You’re Not Alone: Lauren O.

My clients often feel isolated as they plan their weddings. They can't talk about the hard parts because people think they're complaining, ungrateful, or second-guessing their choice to get married. But I know something my clients don't: They're not alone. Hear it from people who've been there.

Lauren O.
Married September 2, 2017

When it comes to your wedding, what was your...

Worst surprise?

My worst surprise was probably the drama. Even if you're a drama-free person like me and you try to avoid it at all costs, I can now say that it may still find you while wedding planning.

When it arrives, you have two options: fuel the flames or walk away. Even though some of it really hurt me, in the end, I was better off excusing those who caused drama and leaning on those who supported my values.

Wedding planning is already stressful enough as is. Find those who will lift you up throughout the process and encourage you. On the day of the wedding, little things will inevitably not go as planned. Take a deep breath, and remember what matters in the end: the love you share with your partner and the gratitude you feel for the family and friends celebrating with you.  

Biggest regret?

This isn't really a regret, but even with a reception on Saturday and a post-wedding brunch on Sunday, I still didn't really get to see and thank everyone for coming.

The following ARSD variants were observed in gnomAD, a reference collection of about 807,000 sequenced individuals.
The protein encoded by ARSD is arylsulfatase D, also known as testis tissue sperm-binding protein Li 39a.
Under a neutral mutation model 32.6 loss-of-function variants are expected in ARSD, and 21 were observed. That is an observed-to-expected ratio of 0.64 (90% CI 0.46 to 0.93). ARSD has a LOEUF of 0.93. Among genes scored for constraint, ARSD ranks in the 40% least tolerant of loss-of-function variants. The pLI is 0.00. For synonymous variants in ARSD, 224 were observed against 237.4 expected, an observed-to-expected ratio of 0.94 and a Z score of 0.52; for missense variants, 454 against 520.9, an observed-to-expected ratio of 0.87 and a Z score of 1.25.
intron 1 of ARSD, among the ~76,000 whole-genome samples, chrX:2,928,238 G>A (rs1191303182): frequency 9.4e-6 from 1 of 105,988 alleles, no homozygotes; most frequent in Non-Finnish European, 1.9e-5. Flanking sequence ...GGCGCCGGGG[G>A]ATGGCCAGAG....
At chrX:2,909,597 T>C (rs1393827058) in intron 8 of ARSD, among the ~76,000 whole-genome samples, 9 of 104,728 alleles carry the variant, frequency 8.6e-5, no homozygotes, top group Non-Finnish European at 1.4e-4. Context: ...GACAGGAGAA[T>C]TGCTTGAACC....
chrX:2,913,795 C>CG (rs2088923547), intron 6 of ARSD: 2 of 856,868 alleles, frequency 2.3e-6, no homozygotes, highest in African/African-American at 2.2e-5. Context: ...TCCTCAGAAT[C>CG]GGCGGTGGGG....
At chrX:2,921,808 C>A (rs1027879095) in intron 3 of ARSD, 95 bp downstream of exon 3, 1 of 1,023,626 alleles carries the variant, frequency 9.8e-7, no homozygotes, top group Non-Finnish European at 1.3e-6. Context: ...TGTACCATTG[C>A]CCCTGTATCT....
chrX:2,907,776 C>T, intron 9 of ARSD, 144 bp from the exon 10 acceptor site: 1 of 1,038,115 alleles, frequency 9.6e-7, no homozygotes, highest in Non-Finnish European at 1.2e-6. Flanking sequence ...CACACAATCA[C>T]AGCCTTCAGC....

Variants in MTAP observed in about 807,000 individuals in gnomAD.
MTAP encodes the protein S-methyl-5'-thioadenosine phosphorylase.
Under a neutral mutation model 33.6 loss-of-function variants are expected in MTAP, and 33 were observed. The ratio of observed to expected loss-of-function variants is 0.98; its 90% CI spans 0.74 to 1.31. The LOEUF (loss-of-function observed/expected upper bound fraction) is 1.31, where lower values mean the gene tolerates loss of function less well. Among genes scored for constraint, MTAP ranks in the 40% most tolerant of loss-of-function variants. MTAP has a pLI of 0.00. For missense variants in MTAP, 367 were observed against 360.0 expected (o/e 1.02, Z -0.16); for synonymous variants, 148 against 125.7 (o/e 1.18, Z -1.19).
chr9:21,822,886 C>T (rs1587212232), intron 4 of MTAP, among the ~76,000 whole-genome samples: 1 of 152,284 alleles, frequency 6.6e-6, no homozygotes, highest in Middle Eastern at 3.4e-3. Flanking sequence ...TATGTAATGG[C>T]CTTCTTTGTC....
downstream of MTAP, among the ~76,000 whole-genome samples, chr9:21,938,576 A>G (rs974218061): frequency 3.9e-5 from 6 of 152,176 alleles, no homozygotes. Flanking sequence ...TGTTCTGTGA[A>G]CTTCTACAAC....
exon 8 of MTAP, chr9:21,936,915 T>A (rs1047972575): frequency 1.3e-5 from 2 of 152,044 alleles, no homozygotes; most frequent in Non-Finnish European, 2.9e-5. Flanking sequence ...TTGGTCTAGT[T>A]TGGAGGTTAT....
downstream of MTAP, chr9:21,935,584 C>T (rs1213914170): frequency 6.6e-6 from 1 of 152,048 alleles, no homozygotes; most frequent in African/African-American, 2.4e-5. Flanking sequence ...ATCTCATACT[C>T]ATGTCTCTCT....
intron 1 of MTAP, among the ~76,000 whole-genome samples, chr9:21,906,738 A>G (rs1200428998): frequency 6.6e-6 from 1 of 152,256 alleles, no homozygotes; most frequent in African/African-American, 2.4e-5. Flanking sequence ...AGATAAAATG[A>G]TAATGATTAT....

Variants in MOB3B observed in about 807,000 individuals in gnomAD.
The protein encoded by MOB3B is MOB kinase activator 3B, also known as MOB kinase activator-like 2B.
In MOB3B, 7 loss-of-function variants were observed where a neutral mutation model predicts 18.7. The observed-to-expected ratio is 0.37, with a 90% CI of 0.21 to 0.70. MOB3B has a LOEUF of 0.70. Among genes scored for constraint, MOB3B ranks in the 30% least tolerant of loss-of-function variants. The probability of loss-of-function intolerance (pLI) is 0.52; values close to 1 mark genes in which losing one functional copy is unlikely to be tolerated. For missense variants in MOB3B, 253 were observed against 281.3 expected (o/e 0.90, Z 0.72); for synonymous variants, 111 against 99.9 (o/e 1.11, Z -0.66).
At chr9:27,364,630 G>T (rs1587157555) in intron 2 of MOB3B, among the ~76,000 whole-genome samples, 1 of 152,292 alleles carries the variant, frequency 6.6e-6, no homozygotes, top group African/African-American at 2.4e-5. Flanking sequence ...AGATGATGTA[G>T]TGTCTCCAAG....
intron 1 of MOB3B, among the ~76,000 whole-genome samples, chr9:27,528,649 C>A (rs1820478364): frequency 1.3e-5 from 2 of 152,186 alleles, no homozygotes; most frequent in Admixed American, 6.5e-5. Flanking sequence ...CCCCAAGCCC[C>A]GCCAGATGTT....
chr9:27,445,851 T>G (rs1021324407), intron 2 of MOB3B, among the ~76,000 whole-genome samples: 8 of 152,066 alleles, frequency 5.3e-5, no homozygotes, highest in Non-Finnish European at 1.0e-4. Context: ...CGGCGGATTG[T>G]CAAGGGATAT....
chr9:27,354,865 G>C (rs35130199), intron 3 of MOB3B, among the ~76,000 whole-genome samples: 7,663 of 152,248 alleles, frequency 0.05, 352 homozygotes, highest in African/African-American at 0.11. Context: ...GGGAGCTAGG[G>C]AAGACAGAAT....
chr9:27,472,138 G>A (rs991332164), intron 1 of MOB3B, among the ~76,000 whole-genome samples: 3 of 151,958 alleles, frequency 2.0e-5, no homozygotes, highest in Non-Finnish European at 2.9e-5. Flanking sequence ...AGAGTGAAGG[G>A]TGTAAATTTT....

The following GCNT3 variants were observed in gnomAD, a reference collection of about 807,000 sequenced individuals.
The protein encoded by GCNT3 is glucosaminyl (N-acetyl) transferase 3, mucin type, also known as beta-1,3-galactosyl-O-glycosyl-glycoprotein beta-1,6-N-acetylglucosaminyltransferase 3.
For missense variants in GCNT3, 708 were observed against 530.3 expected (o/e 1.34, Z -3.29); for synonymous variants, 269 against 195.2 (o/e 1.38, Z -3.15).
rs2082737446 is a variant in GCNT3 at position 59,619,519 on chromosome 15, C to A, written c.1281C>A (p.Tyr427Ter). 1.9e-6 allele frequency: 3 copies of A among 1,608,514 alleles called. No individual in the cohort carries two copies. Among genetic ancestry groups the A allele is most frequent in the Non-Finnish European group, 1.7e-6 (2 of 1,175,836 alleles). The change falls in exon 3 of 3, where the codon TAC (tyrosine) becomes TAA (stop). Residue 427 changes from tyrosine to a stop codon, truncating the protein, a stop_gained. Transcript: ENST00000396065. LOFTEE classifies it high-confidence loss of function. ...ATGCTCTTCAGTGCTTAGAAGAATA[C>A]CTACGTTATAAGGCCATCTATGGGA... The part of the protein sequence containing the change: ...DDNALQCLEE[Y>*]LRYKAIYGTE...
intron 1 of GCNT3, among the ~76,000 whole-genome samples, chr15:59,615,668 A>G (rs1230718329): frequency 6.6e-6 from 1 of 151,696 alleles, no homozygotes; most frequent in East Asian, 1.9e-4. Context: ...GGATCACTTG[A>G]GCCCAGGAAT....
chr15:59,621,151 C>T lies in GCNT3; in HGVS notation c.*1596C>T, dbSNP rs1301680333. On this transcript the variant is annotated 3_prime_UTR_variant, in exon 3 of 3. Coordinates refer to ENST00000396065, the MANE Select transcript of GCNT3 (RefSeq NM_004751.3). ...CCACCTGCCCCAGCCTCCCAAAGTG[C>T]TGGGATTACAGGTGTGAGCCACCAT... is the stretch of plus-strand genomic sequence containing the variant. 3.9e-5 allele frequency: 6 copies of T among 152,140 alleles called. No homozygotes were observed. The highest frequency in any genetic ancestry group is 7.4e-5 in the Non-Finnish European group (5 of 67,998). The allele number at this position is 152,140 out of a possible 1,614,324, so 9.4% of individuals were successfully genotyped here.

We decided against a receiving line, which I don't regret. We started going around the tables during the cocktail hour but must have gotten distracted because I know there were people I didn't get to thank personally. We had about 170 guests, and there's just so much going on in a few short hours! But I think that's the nature of a wedding.

I was glad that I tried to be more thrifty with decorations and food, rather than restricting the guest list. In the end, it's about having the people you love there. Even if you can't spend a lot of time with them, it will be a lovely memory that you will always share. 

Best advice?

I have two pieces of advice.

  1. Get a videographer (or some kind of recording to capture your day). I honestly remember thinking to myself while planning that we didn't need a videographer. It would save us a lot of money and when would we ever watch our video? Then I ran into a company that sends out small video cameras that you give to family and friends to capture different parts of the day. I decided to try it, and I could not be more grateful that I did. The video is amazing and I have watched it many times already. The day goes by in a blur and the video captured moments that the pictures couldn't. I was able to share it with family members that couldn't make the event and that was really special, too.
  2. Hire a day-of coordinator. I thought I could it on my own and with the help of friends and family. I did a lot of it, but, in the end, I hired a day-of coordinator just three weeks before the event. That decision saved the day. I could have figured it out, but there were so many little details to tie up that I hadn't even thought about when I hired her. She was able to coordinate all of the vendors in the days leading up, and make sure that everyone was where they needed to be. Day of I seriously didn't have to worry about a thing, which was the greatest gift of all. It is worth the investment, hands down. 

Have something to share? Email me at elisabeth@elisabethkramer.com